our_story1Sapna NYC is an emerging non-profit serving the South Asian immigrant community in New York City. Our organization reflects a unique academic-community partnership. In 2007, Dr. Alison Karasz, a faculty member at Albert Einstein College of Medicine and a clinical psychologist, received a grant from the National Institutes of Helath to conduct a needs assessment and design a culturally competent intervention for depression in South Asian women immigrants. Researchers, doctors, psychologists, and community members worked together on the project, which took place in the waiting room of a small local health center in Westchester Square area of the Bronx. We only had room for 16 women on our project. But we had a giant waiting list of more than 40 women—and some of these women sat in the waiting room with us and listened in.

Over the two year project, we heard the same message over and over again from participants, waiting list members, and families—“We need services! We need support! We need a space for women to gather!” So in 2008  Dr. Alison Karasz and colleague Dr. Jean Burg founded the Westchester Square Partnership, aka WSP. Located in the heart of the newly arrived South Asian immigrant community in the Bronx, WSP was only local NGO serving this high need group.

And that hasn’t changed. Our organization provides services, fosters economic empowerment, and serves as a laboratory for the development of culturally appropriate health interventions. As we grew, we started serving other communities around the city using our unique, holistic model that provides support to women, builds social connections, and helps end economic dependence. And as we grew, our vision grew with us—to help South Asian immigrant women fulfill their dreams.

In 2014 WSP changed our name to reflect our new city wide focus and our sharpened vision. Our new name, Sapna NYC, meaning ‘dream’ in many South Asian languages reflects our commitment to our constituents’ core strengths and values, to working with women to help build a future and realize their dreams.

Who We Serve

our_story2South Asian immigrants from India, Pakistan and Bangladesh are the fastest growing immigrant group in the United States. Low wages, wage theft, overcrowded and substandard housing, low English literacy, and a lack of health care benefits are among the many challenges facing this vibrant new community. Women face special additional challenges. Lacking their accustomed family networks, with few chances to further their education or enter the job market, many immigrant women will never escape the narrow world of home, city block, and corner grocery store. The result is an epidemic of depression and other health problems. About half of the women surveyed report financial difficulties, 90% have low proficiency in English, and 70% are overweight or obese. Additionally, about a quarter report significant depressive symptoms. And these health problems are even bigger among elderly women, many of whom spend decades of their lives isolated in the homes of busy adult children.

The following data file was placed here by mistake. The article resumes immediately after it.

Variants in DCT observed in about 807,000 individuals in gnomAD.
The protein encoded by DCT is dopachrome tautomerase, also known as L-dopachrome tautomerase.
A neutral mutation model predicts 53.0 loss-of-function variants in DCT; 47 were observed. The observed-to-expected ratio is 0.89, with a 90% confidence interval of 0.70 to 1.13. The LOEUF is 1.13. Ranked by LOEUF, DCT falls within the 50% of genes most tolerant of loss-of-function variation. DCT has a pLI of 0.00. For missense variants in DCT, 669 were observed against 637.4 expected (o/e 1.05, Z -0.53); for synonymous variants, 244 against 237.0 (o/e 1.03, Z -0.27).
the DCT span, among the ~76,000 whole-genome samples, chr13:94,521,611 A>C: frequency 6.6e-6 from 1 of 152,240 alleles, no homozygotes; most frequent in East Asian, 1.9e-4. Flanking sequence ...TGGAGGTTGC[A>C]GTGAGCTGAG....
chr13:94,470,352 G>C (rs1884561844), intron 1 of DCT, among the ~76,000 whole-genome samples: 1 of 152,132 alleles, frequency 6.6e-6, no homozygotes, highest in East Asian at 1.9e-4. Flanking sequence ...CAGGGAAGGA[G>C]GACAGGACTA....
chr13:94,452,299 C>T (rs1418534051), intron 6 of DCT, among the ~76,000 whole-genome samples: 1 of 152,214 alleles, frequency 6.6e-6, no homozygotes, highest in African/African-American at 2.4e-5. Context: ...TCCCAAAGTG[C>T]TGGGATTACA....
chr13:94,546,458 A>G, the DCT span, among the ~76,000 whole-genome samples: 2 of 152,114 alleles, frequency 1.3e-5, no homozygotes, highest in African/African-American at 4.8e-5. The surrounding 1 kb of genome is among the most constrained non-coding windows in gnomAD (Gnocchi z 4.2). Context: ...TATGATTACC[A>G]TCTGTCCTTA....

Our Programs

our_story3Health

Sapna’s Health Programs use state of the art evidence based methods to address depression, obesity, diabetes and cancer prevention, and child health using state of the art strategies.  Results from our interventions include:

Economic Empowerment

our_story4Our Economic programs include:

  • business development classes for South Asian immigrant entrepreneurs
  • Matched Savings program
  • Workers’ Cooperative
  • Job training in a commercial kitchen, led by a Michelin-starred chef
  • Financial literacy Workshops